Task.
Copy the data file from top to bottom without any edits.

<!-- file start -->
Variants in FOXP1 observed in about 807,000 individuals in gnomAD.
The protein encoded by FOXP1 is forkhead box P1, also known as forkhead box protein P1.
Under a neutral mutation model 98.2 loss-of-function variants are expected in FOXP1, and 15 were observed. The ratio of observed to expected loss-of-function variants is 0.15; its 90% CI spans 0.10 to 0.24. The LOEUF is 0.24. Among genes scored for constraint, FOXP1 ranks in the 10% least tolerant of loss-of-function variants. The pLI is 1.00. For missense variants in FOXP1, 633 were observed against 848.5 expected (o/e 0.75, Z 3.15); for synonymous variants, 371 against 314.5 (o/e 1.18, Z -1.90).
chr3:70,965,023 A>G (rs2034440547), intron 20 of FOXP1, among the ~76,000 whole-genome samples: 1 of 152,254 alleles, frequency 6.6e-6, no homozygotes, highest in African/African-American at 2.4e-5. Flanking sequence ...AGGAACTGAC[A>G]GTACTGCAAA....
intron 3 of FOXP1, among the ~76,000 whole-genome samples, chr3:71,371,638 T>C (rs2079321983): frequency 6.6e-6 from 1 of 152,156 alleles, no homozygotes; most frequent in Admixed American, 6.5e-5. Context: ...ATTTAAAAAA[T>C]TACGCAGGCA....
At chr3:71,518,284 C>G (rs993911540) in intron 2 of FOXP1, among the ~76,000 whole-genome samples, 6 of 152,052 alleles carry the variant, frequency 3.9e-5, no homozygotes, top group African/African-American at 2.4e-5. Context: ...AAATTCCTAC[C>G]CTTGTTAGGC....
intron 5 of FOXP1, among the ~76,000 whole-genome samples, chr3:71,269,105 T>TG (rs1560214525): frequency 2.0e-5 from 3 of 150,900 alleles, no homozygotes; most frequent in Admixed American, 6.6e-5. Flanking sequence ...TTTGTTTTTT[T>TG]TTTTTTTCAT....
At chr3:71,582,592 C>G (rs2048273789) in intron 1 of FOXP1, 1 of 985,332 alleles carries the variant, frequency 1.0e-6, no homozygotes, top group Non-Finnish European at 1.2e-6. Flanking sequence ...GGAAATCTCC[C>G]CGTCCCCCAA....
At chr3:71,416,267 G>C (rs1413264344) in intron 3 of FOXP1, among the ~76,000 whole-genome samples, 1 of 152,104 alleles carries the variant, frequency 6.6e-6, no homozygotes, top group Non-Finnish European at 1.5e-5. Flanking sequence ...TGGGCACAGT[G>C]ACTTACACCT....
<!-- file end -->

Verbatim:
Variants in FOXP1 observed in about 807,000 individuals in gnomAD.
The protein encoded by FOXP1 is forkhead box P1, also known as forkhead box protein P1.
Under a neutral mutation model 98.2 loss-of-function variants are expected in FOXP1, and 15 were observed. The ratio of observed to expected loss-of-function variants is 0.15; its 90% CI spans 0.10 to 0.24. The LOEUF is 0.24. Among genes scored for constraint, FOXP1 ranks in the 10% least tolerant of loss-of-function variants. The pLI is 1.00. For missense variants in FOXP1, 633 were observed against 848.5 expected (o/e 0.75, Z 3.15); for synonymous variants, 371 against 314.5 (o/e 1.18, Z -1.90).
chr3:70,965,023 A>G (rs2034440547), intron 20 of FOXP1, among the ~76,000 whole-genome samples: 1 of 152,254 alleles, frequency 6.6e-6, no homozygotes, highest in African/African-American at 2.4e-5. Flanking sequence ...AGGAACTGAC[A>G]GTACTGCAAA....
intron 3 of FOXP1, among the ~76,000 whole-genome samples, chr3:71,371,638 T>C (rs2079321983): frequency 6.6e-6 from 1 of 152,156 alleles, no homozygotes; most frequent in Admixed American, 6.5e-5. Context: ...ATTTAAAAAA[T>C]TACGCAGGCA....
At chr3:71,518,284 C>G (rs993911540) in intron 2 of FOXP1, among the ~76,000 whole-genome samples, 6 of 152,052 alleles carry the variant, frequency 3.9e-5, no homozygotes, top group African/African-American at 2.4e-5. Context: ...AAATTCCTAC[C>G]CTTGTTAGGC....
intron 5 of FOXP1, among the ~76,000 whole-genome samples, chr3:71,269,105 T>TG (rs1560214525): frequency 2.0e-5 from 3 of 150,900 alleles, no homozygotes; most frequent in Admixed American, 6.6e-5. Flanking sequence ...TTTGTTTTTT[T>TG]TTTTTTTCAT....
At chr3:71,582,592 C>G (rs2048273789) in intron 1 of FOXP1, 1 of 985,332 alleles carries the variant, frequency 1.0e-6, no homozygotes, top group Non-Finnish European at 1.2e-6. Flanking sequence ...GGAAATCTCC[C>G]CGTCCCCCAA....
At chr3:71,416,267 G>C (rs1413264344) in intron 3 of FOXP1, among the ~76,000 whole-genome samples, 1 of 152,104 alleles carries the variant, frequency 6.6e-6, no homozygotes, top group Non-Finnish European at 1.5e-5. Flanking sequence ...TGGGCACAGT[G>C]ACTTACACCT....